The Gregor Letter is on a lighter schedule here at the end of summer. But there are a couple of readings worth mentioning before I return in September. Until then, I’ll be away from my desk and spending as much time as possible here in Portland, on my bike. —GM
Mark Lewis and the team at BNP Paribas have written up a wonderful report covering wind and solar’s competitive edge, against oil. Wells, Wires, and Wheels (opens to PDF) analyzes how much transportation energy a theoretical $100 billion, put to work today, would ultimately generate by following either the oil path, or the wind and solar path. A particularly nice observation contained therein is that today’s oil extraction and delivery infrastructure partly shields us from the embedded losses in that system, through the advantages of incumbency. But this advantage too is starting to erode. Overall, I see the report as a companion to the Oil Fall series: a different set of authors have come up with a different set of framings, many of them clever, but the target is the same.
Old energy infrastructure and the fossil fuel systems they support increasingly run at a loss. That’s the message of Oil Fall, the BNP Paribas report, and it’s also the message coming through directly from power generation asset owners. Next month, I’ve got reported pieces coming out that peer into the financial details of both the Klamath River Dam Removal project, and also the Northern Indiana Public Service Company’s decision to shutter all of its existing coal assets, replacing them with a combination of wind, solar, and storage. In both cases—and this is crucial to understand—the cost to shutdown existing assets is not only lower than the cost to keep them running, but, the utilities in each case will be able to replace the asset closures with new infrastructure while still delivering savings to customers.
The bullshit detector rang loudly earlier this month, when Mark Mills of the Manhattan Institute published a ridiculous Op-Ed in the WSJ, claiming a steep and onerous call on natural resources to build out clean energy. No one credible anywhere claims that rapid deployment of wind, solar, and battery storage does not represent a new call on resources. Rather, it’s simply that price is a reasonably good proxy for why that new call on resources is significantly lower than trying to maintain investment in the existing fossil fuel system. What Mills doesn’t address (because, of course) is that electricity from wind and solar is generated at extremely low operational costs after a one time capital investment. The industry term, levelized cost of energy (LCOE), does more than an adequate job of making these comparisons. Because the Op-Ed is behind a paywall, I found an internet copy for you to read, below. But don’t feel obligated to waste your time doing so, unless for entertainment purposes only. A final point: Mills willfully represents, and perhaps genuinely doesn’t understand, the term renewable.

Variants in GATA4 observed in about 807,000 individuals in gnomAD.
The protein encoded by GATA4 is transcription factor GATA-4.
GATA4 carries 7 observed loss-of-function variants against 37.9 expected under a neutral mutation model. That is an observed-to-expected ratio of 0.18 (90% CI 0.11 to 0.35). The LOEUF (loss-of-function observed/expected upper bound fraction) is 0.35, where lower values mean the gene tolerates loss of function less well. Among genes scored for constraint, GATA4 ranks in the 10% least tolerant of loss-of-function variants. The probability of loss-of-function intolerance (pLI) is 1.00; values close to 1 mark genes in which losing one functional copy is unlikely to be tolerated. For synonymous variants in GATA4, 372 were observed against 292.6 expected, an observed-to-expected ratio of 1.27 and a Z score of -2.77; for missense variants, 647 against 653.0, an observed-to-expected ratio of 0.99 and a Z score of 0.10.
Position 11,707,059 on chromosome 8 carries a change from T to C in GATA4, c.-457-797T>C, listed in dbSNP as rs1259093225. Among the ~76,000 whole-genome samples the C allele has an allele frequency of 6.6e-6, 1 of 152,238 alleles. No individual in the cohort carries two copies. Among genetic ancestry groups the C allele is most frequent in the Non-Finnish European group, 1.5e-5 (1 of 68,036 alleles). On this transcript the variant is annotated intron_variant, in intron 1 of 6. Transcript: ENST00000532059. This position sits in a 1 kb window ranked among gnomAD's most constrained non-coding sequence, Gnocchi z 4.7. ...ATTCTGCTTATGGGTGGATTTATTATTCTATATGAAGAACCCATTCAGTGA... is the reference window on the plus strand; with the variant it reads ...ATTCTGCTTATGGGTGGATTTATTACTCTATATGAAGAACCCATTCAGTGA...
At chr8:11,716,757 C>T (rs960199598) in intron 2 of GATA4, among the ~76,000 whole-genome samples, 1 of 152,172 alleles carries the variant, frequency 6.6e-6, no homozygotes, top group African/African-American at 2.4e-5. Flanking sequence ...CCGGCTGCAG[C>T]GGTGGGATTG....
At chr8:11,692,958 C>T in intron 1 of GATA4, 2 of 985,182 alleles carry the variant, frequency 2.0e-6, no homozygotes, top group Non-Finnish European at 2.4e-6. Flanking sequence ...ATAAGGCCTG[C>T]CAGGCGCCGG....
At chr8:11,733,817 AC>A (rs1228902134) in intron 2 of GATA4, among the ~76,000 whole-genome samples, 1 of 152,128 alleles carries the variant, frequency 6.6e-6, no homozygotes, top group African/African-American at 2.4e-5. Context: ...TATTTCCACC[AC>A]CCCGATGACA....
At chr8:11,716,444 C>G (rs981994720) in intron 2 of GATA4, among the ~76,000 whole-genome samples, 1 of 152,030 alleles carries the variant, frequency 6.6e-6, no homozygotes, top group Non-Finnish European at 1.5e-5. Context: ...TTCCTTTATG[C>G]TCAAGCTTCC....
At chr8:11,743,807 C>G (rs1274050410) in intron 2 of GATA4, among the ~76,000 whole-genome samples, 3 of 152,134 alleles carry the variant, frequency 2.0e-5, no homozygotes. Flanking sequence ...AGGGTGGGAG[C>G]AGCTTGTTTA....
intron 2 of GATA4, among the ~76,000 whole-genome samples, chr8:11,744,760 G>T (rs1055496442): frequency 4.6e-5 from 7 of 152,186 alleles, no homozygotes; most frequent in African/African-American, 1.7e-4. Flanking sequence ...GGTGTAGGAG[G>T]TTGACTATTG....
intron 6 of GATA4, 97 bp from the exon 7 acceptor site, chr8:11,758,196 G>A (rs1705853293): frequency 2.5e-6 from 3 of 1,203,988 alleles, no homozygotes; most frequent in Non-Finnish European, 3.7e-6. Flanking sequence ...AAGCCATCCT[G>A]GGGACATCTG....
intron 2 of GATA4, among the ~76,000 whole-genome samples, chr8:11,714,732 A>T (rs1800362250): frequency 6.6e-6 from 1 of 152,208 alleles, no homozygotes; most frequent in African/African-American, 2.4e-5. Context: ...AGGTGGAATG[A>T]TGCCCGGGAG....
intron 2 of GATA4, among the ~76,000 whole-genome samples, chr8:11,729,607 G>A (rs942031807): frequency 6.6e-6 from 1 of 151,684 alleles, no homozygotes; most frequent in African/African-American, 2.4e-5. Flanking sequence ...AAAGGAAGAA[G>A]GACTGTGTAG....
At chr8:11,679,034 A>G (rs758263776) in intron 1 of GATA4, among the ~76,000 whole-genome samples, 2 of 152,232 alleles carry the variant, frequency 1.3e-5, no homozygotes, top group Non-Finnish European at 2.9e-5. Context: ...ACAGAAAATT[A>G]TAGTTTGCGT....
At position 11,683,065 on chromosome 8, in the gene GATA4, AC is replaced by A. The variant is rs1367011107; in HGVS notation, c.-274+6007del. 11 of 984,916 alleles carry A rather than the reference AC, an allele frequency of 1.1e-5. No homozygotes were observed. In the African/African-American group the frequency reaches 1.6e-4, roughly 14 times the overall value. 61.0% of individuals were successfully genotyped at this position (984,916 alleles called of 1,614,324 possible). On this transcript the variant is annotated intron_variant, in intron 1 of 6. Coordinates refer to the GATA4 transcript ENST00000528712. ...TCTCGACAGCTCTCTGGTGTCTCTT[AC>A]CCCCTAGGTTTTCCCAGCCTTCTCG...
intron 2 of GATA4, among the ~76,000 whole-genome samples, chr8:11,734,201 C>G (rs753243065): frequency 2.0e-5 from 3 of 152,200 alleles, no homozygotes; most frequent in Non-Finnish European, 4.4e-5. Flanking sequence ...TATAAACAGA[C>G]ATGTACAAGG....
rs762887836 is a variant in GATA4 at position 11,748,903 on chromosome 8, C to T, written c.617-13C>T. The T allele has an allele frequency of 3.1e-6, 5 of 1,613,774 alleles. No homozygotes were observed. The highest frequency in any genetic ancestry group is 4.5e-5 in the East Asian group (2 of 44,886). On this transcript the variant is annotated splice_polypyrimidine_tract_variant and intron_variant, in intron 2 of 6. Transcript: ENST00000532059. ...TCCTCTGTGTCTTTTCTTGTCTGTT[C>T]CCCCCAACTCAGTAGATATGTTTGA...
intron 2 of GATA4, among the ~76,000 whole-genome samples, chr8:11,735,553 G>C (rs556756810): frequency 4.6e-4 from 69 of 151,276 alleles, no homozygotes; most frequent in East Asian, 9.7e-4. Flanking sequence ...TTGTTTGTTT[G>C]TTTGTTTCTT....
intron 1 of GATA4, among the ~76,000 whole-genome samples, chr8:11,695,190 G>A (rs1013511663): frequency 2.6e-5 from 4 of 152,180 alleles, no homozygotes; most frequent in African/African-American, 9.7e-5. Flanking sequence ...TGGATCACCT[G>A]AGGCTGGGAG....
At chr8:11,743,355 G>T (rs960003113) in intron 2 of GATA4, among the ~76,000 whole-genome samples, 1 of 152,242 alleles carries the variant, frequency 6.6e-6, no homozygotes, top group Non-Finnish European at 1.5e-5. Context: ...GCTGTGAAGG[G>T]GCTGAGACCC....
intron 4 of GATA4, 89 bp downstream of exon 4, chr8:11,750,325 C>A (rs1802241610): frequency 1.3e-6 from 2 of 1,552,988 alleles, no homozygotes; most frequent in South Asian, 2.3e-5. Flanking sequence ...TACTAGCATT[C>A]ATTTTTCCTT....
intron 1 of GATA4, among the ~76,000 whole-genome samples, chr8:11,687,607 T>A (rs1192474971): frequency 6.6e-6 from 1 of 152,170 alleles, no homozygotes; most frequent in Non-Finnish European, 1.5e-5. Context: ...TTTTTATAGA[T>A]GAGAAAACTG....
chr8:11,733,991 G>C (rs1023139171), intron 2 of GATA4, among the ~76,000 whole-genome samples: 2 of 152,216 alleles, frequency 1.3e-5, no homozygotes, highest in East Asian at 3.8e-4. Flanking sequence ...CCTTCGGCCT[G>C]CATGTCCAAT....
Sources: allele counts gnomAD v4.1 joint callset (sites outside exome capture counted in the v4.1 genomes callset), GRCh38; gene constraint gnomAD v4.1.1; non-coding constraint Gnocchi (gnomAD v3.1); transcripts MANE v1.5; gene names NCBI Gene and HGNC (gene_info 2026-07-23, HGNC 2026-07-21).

Utilities have come through a rough decade, but what if they are ready to lead again in the energy sector? Liam Denning and Nathaniel Bullard of Bloomberg, here in 2019, have considered the signal coming through from the woeful underperformance of oil and gas equities, and discerned that growth prospects now look better in the power sector. Recall that wind and solar began their ascent in Europe—not this decade, but in the previous—and this initially slammed the European utility sector bogged down as it was with nuclear, gas, and coal assets. But a decade of change both in the EU and the US now sees most utilities adopting, owning, and operating new power assets led by wind, solar, and storage. This strikes me as a classic first you get hurt, then you get mad story.
—Gregor Macdonald, editor of The Gregor Letter, and Gregor.us
The Gregor Letter is a companion to TerraJoule Publishing, whose current release is Oil Fall. If you've not had a chance to read the Oil Fall series, the single title just published in December and you are strongly encouraged to read it. Just hit the picture below.